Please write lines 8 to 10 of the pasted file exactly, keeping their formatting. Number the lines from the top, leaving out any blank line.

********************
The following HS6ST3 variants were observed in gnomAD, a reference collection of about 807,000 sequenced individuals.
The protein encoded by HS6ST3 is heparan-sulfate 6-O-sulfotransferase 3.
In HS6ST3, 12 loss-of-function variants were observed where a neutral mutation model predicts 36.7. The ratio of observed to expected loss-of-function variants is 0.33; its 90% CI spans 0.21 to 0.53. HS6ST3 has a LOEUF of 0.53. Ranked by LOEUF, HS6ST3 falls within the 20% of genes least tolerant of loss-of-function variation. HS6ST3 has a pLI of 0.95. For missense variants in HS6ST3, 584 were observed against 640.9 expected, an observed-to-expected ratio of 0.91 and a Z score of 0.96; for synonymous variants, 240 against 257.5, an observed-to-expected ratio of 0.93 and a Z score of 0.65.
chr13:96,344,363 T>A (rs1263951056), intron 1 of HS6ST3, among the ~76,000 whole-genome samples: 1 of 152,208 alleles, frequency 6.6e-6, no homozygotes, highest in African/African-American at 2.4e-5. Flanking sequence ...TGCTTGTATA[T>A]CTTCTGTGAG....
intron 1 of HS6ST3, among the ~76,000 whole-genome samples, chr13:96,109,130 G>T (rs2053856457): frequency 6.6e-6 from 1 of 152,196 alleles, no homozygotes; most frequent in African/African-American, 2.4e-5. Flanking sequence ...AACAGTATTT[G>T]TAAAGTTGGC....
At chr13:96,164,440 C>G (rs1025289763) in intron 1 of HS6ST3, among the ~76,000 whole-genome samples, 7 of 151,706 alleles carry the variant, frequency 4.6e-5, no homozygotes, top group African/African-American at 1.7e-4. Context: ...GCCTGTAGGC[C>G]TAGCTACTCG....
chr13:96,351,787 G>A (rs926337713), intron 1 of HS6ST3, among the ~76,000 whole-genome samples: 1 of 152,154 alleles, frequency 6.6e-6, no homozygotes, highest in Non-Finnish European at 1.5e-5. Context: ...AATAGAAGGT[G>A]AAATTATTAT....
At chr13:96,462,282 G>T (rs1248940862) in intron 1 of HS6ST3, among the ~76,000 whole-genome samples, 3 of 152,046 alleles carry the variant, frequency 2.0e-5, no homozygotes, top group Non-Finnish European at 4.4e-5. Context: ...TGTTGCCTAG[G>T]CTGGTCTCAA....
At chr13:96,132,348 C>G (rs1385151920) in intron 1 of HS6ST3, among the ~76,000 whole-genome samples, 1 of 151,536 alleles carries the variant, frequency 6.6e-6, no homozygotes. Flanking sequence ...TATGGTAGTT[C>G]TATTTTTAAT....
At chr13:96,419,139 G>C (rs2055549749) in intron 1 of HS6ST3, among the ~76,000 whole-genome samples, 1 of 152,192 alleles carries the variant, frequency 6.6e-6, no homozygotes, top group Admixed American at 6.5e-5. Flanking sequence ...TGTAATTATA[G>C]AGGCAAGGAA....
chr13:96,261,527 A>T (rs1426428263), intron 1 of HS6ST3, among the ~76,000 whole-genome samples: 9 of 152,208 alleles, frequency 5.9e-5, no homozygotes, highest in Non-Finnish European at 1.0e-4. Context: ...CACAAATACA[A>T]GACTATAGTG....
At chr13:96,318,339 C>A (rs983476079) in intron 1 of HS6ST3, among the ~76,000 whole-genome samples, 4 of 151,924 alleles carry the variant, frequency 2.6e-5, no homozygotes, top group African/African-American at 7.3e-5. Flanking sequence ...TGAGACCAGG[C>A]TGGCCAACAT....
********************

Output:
At chr13:96,462,282 G>T (rs1248940862) in intron 1 of HS6ST3, among the ~76,000 whole-genome samples, 3 of 152,046 alleles carry the variant, frequency 2.0e-5, no homozygotes, top group Non-Finnish European at 4.4e-5. Context: ...TGTTGCCTAG[G>T]CTGGTCTCAA....
At chr13:96,132,348 C>G (rs1385151920) in intron 1 of HS6ST3, among the ~76,000 whole-genome samples, 1 of 151,536 alleles carries the variant, frequency 6.6e-6, no homozygotes. Flanking sequence ...TATGGTAGTT[C>G]TATTTTTAAT....
At chr13:96,419,139 G>C (rs2055549749) in intron 1 of HS6ST3, among the ~76,000 whole-genome samples, 1 of 152,192 alleles carries the variant, frequency 6.6e-6, no homozygotes, top group Admixed American at 6.5e-5. Flanking sequence ...TGTAATTATA[G>C]AGGCAAGGAA....